This morning, shortly after Amazon announced two new Alexa-powered devices to help them extend their smart home assistant presence to more places and in new forms, the folks at Nest finally came around to announcing that their products were now working with Amazon’s. It was a big day for the smart home, because we are starting to see where Amazon could become a central hub leader for controlling everything in your home, from thermostats and lights to music, appliances, and beyond.
As someone who can’t help but buy smart this or that when I probably don’t need it, I’m excited to see a company emerge as a potential leader. For so long, I feel like my smart home setup is a patched together oddball line-up that all requires stand-alone apps for each piece, but with Amazon potentially becoming the centerpiece, now that it has Nest on board, I’m excited. That’s not because I’m some Amazon fanboy, but because I’d rather have one control than five or six.
And that leads us into today’s question – do you have any smart home products? If so, which ones? Are you satisfied? Is one of them an Amazon Echo? (more…)
At Google I/O last year, one of the highlights of the entire show was without a doubt the demo for Google Now on Tap. During the brief performance, if you will, Google showed that Google Now had grown into an on demand-like service that was capable of doing more than just anticipating your day. Instead, Google Now had grown to be able to analyze a current screen and then provide relevant information in a matter of seconds. (more…)
In two days, we’ll be able to stop posting leaks and tell you all of the official details of the Samsung Galaxy S7, Galaxy S7 Edge, and LG G5. At this point, you are probably as sick of the leaks as we are, but try to hang in there. These phones leak like crazy for a reason – they are each a big, big deal. These are the flagships from Samsung and LG to take us into 2016. These phones set the standard for Android for the year ahead and are typically each company’s best selling line of products.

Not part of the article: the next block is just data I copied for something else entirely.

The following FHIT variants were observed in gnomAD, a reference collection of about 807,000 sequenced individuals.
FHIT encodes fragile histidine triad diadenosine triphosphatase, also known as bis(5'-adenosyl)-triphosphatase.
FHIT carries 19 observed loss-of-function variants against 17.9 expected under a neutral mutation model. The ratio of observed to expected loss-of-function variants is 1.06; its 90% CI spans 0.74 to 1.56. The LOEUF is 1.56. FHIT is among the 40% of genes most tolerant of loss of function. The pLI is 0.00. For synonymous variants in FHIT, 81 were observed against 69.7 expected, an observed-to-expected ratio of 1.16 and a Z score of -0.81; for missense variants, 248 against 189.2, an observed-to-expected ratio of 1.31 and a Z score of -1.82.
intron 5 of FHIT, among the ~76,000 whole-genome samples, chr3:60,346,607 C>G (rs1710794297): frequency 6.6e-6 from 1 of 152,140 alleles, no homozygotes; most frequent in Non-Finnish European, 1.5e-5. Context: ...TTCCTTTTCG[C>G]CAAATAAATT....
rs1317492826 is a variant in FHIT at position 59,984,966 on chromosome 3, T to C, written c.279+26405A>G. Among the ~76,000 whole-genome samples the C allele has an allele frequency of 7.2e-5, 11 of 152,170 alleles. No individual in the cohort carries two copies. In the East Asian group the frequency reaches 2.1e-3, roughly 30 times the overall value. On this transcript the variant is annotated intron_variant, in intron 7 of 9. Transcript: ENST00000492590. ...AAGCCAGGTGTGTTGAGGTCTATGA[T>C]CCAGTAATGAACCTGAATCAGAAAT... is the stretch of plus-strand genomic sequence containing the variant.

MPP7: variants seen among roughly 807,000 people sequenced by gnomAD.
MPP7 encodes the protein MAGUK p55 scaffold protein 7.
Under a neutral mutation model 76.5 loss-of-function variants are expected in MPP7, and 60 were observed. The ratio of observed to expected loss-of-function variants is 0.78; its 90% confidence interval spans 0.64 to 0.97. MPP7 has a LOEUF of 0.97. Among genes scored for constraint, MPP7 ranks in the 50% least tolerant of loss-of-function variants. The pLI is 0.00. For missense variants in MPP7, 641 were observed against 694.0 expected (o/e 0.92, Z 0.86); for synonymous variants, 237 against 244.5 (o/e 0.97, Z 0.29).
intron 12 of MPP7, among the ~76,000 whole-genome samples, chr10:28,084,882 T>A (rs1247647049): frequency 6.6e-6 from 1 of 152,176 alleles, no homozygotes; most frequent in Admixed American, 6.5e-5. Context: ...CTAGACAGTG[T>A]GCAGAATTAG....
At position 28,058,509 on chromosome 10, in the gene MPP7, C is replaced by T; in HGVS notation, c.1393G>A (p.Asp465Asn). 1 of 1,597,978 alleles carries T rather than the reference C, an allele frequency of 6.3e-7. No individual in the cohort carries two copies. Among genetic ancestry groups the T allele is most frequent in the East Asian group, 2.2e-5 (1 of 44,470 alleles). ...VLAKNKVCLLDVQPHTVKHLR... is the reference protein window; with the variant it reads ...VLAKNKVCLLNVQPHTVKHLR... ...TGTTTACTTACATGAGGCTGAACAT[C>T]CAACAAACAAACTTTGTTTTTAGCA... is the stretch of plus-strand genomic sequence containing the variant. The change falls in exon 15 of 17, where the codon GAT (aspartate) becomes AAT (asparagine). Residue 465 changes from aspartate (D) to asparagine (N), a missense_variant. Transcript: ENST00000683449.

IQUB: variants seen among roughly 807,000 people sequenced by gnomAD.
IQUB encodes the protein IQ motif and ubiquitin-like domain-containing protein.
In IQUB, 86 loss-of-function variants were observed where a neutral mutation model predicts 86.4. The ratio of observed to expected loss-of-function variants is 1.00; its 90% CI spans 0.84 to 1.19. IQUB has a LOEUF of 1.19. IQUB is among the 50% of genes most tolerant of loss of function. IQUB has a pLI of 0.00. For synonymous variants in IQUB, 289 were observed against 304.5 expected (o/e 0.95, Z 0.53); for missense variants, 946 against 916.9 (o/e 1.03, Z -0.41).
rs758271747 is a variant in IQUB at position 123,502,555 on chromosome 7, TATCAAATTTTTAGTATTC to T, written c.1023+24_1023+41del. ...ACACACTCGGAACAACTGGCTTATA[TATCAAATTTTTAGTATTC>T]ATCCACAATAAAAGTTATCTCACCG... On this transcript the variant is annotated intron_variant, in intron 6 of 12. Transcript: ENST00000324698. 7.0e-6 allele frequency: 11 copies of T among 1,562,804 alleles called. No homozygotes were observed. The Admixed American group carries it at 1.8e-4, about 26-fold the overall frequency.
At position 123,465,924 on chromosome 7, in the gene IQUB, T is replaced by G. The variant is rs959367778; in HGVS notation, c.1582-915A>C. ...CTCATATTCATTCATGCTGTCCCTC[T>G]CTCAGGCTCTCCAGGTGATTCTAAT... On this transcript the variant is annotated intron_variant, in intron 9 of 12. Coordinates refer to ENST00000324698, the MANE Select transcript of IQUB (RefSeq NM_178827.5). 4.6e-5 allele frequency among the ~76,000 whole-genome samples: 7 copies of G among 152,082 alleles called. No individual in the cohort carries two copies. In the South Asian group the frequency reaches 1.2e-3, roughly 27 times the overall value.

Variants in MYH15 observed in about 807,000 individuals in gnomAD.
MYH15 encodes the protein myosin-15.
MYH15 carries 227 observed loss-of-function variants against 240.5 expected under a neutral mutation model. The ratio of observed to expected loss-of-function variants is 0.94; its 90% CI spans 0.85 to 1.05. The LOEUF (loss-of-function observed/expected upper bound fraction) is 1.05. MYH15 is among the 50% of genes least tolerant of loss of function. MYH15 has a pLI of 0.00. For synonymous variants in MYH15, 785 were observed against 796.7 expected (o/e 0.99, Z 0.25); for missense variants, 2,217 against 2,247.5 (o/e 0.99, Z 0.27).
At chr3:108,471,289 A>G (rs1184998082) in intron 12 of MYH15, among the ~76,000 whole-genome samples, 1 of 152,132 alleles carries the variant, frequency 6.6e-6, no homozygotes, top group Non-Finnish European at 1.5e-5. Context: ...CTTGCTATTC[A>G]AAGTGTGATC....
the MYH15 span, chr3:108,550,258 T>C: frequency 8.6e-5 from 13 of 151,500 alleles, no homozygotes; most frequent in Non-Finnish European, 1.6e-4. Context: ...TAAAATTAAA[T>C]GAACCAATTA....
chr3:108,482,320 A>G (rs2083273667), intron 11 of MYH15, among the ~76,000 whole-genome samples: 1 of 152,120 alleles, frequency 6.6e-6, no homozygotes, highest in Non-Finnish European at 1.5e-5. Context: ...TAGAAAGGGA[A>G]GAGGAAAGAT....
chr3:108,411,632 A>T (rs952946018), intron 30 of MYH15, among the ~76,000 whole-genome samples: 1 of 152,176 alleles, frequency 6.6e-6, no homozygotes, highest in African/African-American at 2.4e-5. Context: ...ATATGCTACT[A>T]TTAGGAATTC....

With that in mind, which of the three are you most excited about at this point? Have you seen enough from Samsung to upgrade from the Galaxy S6? Have you seen enough from LG to upgrade from the G4? Have seen enough from either to get you to switch manufacturers? Or, are you planning on sticking with what you’ve got until something else comes along later in year?
In the poll below, tell us which you would choose or are leaning towards before all things become official.
Today, you’ll see a lot of talk about cloud storage and phones, mostly in reference to Nexbit’s Robin smartphone, as the first wave of reviews for it are out. You can also purchase it as of today for $399, though we are told they have limited quantities.
For those not familiar, the Nextbit Robin thinks we all have a storage problem. To deal with that, they have created a solution that auto-manages the storage on your phone, so that if you are running low, they will backup items you rarely use to the cloud to free up space without you doing any of the leg work. It’s an interesting idea, assuming anyone actually has storage problems.
Personally, I don’t get it. For one, most phones these days have SD card slots that allow for expansion, often up to 2TB. In a two year period, that seems like plenty of storage, especially when you combine it with the 16GB or 32GB the phone has internally. SD cards also don’t require you to backup anything to a cloud, restore it, or deal with security issues that could surround that entire process. I get why people buy phones because of their cameras, displays, speakers, processors, designs, and operating systems, but I don’t know that anyone in my 6+ years of doing this, has ever said, “Man, I really wish I had a smart-cloud backup solution on my phone because I’m always out of space.”
So you tell me, have you ever run out of storage on a phone? If so, does it happen often?